What is a Phase 1 Environmental Site Assessment?

 

A Phase 1 Environmental Site Assessment should be an integral step in acquiring commercial and/or industrial property.   So what is a Phase 1 Environmental Site Assessment, sometimes referred to as a “Phase 1 or a Phase 1 ESA”? 

A Phase 1 ESA is a report that summarizes a site visit and records review of a property and its surrounding area to determine if any additional environmental investigation is warranted to understand the liability risks associated with the identified property.  

Below is a quick summary of key activities generally associated with a Phase 1 report: 

PURPOSE

The purpose of a Phase 1 Environmental Site Assessment is to use a consistent systematic approach to identify any existing or potential environmental conditions that may be present or affect a real estate property. 

The process of completing a Phase 1 ESA has four components: 

  1. Records Review
    • Chain of title review. What has the property been used for in the past? Are there any uses that raise a red flag based on past usage?
    • Determine surrounding land use. This can be a very important part of the assessment as the risk of contamination can increase significantly if the surrounding area or properties have documented or potential contamination.
    • Historical aerial photograph review. A report will almost always include historical aerial photographs to review a time-line for development of the property as well as surrounding properties.
    • Agency contacts and related record searches. Agencies such as fire departments, local health departments, petroleum tank management associations, water departments, etc., generally are contacted in order to gather current and historical pertinent information concerning the property and the neighboring area.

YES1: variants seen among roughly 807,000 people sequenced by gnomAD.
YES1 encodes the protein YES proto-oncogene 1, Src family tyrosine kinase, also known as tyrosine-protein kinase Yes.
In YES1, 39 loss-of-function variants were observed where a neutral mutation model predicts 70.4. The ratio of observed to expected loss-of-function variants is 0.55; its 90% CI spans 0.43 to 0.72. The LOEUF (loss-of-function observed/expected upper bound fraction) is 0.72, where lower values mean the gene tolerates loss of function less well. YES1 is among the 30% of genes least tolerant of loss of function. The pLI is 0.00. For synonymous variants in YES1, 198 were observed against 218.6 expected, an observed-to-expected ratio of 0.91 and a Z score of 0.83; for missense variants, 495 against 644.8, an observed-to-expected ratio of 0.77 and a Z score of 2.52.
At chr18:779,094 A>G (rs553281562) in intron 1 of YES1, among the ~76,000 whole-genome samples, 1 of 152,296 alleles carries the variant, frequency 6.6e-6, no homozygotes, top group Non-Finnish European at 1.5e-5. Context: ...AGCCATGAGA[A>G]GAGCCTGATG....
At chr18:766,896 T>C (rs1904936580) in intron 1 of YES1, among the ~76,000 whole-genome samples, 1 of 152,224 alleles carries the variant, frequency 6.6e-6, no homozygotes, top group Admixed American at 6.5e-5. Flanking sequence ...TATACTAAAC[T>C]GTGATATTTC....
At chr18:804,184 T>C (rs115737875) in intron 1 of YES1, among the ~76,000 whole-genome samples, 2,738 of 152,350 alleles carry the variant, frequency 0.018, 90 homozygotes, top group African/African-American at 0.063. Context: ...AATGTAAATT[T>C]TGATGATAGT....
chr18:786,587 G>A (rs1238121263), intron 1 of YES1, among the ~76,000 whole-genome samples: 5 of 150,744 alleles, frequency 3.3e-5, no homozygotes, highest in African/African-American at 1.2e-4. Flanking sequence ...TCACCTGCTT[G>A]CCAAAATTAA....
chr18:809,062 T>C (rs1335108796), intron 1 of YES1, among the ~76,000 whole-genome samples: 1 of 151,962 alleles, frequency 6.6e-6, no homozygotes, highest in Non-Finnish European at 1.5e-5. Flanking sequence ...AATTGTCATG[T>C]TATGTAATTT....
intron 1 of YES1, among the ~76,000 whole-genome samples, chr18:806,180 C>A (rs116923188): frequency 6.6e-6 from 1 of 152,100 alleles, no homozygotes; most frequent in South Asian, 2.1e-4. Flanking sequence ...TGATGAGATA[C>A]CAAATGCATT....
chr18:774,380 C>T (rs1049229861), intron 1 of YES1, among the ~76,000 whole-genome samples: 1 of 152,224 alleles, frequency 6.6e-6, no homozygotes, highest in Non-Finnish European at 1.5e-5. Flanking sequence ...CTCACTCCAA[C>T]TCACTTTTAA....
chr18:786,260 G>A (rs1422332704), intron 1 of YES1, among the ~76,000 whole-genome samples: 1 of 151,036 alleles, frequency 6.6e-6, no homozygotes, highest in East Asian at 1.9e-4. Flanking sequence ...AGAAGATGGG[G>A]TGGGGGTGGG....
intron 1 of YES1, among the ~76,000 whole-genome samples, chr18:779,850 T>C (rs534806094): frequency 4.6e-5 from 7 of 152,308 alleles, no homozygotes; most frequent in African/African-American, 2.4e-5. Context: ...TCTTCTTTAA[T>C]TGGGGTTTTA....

2. Site Reconnaissance
  • A visual inspection of the property and improvements plays an important role in a Phase 1 ESA.
  • The confines of the building(s) are inspected and property boundary measurements observed. The focus of a Phase 1 inspection is environmental and does not include the structure or any of the systems of the building
  • Photographs are taken of the property.
  • No physical testing or sampling is conducted during a phase 1 assessment
  1. Interviews
  • Interviews will be conducted with anyone who may have information that would help with the report. For example, past and present property managers, tenants and owners
  • If there is concern over surrounding properties, interviews may be conducted with people who have been or are involved with that property.
  • Agencies contacted above such as fire departments, local health departments, petroleum tank management associations, water departments, etc., generally are contacted in order to gather current and historical pertinent information concerning the property and the neighboring area.
  1. Report
  • Documentation. Findings, opinions and conclusions must be supported by documentation to facilitate the assessment.
  • Scope of Services.  The report will describe all services preformed in detail to allow for another party to reconstruct the work completed during the investigation.
  • Findings.  The Findings section indentifies known or suspected recognized environmental conditions.
  • Opinion.  Includes the environmental professional’s opinions of the impact on the property of conditions indentified in the Findings Section.